Low Carb Challenge Final Update

The Story So Far

On 4 February I began another behaviour challenge - this time I joined a couple of friends who were going low carb. On 14 February I realised it wasn't working for me so decided to reverse the experiment and go back to my normal diet for the next 10 days.

 

 

Here's What Happened Next?

  1. First I binged on carbs for a few days - bread, chips and crackers - like I’d been deprived or something.
  2. Then, someone gave me a packet of chocolate biscuits and I ate 5, no 6 [over 3-4 days]
  3. Then threw out the rest, because sugar is evil.
  4. I didn’t eat pasta or any ‘white’ carbs  - I didn’t want to. If I was really 'reversing' rather than just 'quitting' I should have. I did eat brown rice once - it was nice - and I was drawn to beans, lentils and chickpeas a lot.
  5. I continued to confine wine drinking to the weekend and to drink more water during the day - outcomes from my Dry January experiment
  6. I gained some weight with my initial binge eating, but then lost it again when I got my act together - so am now officially 1 kilo lighter than before the low carb experiment.
  7. But my waist measurement is unchanged.
  8. I felt so much happier, brain fuzziness disappeared, mood, energy and sleeping patterns evened out.
  9. I continued to eat more vegetables, but less protein and fat. No hardboiled eggs passed my lips in the last ten days.
  10. And I decided I wasn't going back to a low carb diet with all its rules and prohibitions and measuring.

 

Was This A Giant Fail Then?

An experiment is only a failure if you don't learn anything from it, and I learned plenty.

I  learned that the care and attention needed to achieve a daily low carb high fat [LCHF] diet is too intensive for me to want to sustain. I like simplicity and ease, so the thought of needing to fill up my brain with the carb rating of everything I eat or to buy new kitchen equipment to make vegetables into fake pasta just does not appeal to me.

Could I have kept going, pushed through the carb flu and created a new amazing fat-burned body with a right-sized waist?  Maybe but I'd have needed to commit a whole lot more energy, attention and emotional weight to it if I'd wanted to successfully embed it in my life.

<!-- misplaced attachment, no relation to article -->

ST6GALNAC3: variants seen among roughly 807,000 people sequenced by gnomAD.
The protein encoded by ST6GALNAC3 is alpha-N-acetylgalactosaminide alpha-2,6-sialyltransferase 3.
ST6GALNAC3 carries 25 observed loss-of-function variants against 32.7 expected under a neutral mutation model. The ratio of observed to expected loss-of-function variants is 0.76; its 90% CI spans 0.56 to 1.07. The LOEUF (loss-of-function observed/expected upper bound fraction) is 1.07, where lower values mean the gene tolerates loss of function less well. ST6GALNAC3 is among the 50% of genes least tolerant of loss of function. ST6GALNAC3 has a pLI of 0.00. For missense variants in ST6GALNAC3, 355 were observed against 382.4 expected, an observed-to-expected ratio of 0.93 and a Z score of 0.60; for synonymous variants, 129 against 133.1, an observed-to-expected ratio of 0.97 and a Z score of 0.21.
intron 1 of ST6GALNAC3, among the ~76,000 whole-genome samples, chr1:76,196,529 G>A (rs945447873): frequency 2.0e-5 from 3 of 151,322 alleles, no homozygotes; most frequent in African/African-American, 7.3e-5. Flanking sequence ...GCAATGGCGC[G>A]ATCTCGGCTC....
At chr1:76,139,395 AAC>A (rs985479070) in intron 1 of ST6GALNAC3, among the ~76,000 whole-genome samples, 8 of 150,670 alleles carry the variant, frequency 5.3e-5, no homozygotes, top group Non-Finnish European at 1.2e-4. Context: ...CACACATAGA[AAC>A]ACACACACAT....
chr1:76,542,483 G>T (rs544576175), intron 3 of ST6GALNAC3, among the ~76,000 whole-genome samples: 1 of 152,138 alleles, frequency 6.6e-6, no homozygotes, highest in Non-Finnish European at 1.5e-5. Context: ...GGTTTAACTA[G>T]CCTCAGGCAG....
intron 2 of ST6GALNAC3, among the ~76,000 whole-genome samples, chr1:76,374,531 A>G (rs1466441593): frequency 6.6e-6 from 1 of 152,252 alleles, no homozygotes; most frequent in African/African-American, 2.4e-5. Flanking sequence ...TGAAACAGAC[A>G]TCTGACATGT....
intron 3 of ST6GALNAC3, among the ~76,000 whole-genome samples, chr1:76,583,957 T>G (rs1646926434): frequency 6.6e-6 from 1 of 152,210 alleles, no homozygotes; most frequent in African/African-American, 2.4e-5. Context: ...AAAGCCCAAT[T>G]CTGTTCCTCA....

And honestly, I think my life would have to be incredibly dull and empty for me to want to focus on the minutiae of my diet. 

 

But All Is Not Lost!

What has surprised me is that even though I did hate the low carb regime, quite a lot seems to have stuck. Caroline L Arnold, in her book Small Move, Big Change says it takes 4 to 6 weeks to embed a new habit. I suppose salad formation is a kind of habit. Maybe I was just refreshing it. 

While there are probably no new foods in my pantry and fridge compared to January, the proportions have changed. There are more different sources of protein and more vegetables. I eat more salads and more carb-free meals.  Bread and crackers are lasting longer. Nuts have become more important. 

 Overall I'm eating a little less but staying full longer. Breakfast is almost always a smoothie, except when there's soft avocado to spread on toast. Lunch is all about the leftovers. Dinner is less likely to involve carbs than before the challenge.

I think for me, the best way of eating is to have what I want, to limit the foods in my fridge and pantry to things that I like and are good for me and to occasionally go and buy some extra treat when nothing else will do.  That  fits into my life best.

As for the waist measurement, that may have to take the slow road. If i consistently eat a little less it will perhaps consistently lose a little more.  But in March I'm keen to do an exercise challenge - working on establishing a regular pattern of exercise rather than my current haphazardness. So maybe that will help.

I don't know if the world really needed more confirmation that diets suck - but you have it anyway. I think that lifestyle changes have to be easy - and that it's better to go slow and make changes you can sustain rather than expect to be able to maintain a massive change in a whole lot of different aspects of your life at once. 

But could I be wrong? Is it more complicated than that? Comment below, or visit the Well Made Lives Facebook page to tell us what you think.

FoodJill Caldwell